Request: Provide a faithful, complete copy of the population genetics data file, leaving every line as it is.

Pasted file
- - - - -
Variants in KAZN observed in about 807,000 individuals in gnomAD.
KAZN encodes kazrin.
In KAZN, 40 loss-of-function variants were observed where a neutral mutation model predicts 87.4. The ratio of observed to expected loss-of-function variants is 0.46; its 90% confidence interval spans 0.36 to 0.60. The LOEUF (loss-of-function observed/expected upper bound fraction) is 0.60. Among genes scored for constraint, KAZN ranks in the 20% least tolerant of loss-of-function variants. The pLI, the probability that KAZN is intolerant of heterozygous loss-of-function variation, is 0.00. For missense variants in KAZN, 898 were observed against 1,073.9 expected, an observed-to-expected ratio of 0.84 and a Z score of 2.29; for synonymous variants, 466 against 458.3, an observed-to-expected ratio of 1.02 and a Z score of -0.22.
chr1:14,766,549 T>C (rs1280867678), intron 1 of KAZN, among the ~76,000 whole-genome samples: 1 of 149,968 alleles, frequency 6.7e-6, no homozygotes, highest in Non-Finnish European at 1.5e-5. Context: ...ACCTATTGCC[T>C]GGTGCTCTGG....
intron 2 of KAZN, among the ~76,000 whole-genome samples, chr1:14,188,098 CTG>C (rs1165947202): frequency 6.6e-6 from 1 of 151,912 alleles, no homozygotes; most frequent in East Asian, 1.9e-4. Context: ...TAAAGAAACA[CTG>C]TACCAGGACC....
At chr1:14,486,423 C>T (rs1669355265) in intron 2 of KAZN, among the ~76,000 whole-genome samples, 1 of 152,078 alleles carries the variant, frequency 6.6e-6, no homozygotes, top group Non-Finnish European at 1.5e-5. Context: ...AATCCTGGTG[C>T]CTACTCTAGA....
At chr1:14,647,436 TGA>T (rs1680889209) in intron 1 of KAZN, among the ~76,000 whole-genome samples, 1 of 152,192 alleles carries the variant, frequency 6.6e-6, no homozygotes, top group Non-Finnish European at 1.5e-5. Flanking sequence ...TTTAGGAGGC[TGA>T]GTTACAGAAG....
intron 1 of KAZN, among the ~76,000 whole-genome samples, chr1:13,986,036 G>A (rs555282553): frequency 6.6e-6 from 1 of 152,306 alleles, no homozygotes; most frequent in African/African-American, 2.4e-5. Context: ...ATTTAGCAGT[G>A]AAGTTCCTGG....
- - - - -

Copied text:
Variants in KAZN observed in about 807,000 individuals in gnomAD.
KAZN encodes kazrin.
In KAZN, 40 loss-of-function variants were observed where a neutral mutation model predicts 87.4. The ratio of observed to expected loss-of-function variants is 0.46; its 90% confidence interval spans 0.36 to 0.60. The LOEUF (loss-of-function observed/expected upper bound fraction) is 0.60. Among genes scored for constraint, KAZN ranks in the 20% least tolerant of loss-of-function variants. The pLI, the probability that KAZN is intolerant of heterozygous loss-of-function variation, is 0.00. For missense variants in KAZN, 898 were observed against 1,073.9 expected, an observed-to-expected ratio of 0.84 and a Z score of 2.29; for synonymous variants, 466 against 458.3, an observed-to-expected ratio of 1.02 and a Z score of -0.22.
chr1:14,766,549 T>C (rs1280867678), intron 1 of KAZN, among the ~76,000 whole-genome samples: 1 of 149,968 alleles, frequency 6.7e-6, no homozygotes, highest in Non-Finnish European at 1.5e-5. Context: ...ACCTATTGCC[T>C]GGTGCTCTGG....
intron 2 of KAZN, among the ~76,000 whole-genome samples, chr1:14,188,098 CTG>C (rs1165947202): frequency 6.6e-6 from 1 of 151,912 alleles, no homozygotes; most frequent in East Asian, 1.9e-4. Context: ...TAAAGAAACA[CTG>C]TACCAGGACC....
At chr1:14,486,423 C>T (rs1669355265) in intron 2 of KAZN, among the ~76,000 whole-genome samples, 1 of 152,078 alleles carries the variant, frequency 6.6e-6, no homozygotes, top group Non-Finnish European at 1.5e-5. Context: ...AATCCTGGTG[C>T]CTACTCTAGA....
At chr1:14,647,436 TGA>T (rs1680889209) in intron 1 of KAZN, among the ~76,000 whole-genome samples, 1 of 152,192 alleles carries the variant, frequency 6.6e-6, no homozygotes, top group Non-Finnish European at 1.5e-5. Flanking sequence ...TTTAGGAGGC[TGA>T]GTTACAGAAG....
intron 1 of KAZN, among the ~76,000 whole-genome samples, chr1:13,986,036 G>A (rs555282553): frequency 6.6e-6 from 1 of 152,306 alleles, no homozygotes; most frequent in African/African-American, 2.4e-5. Context: ...ATTTAGCAGT[G>A]AAGTTCCTGG....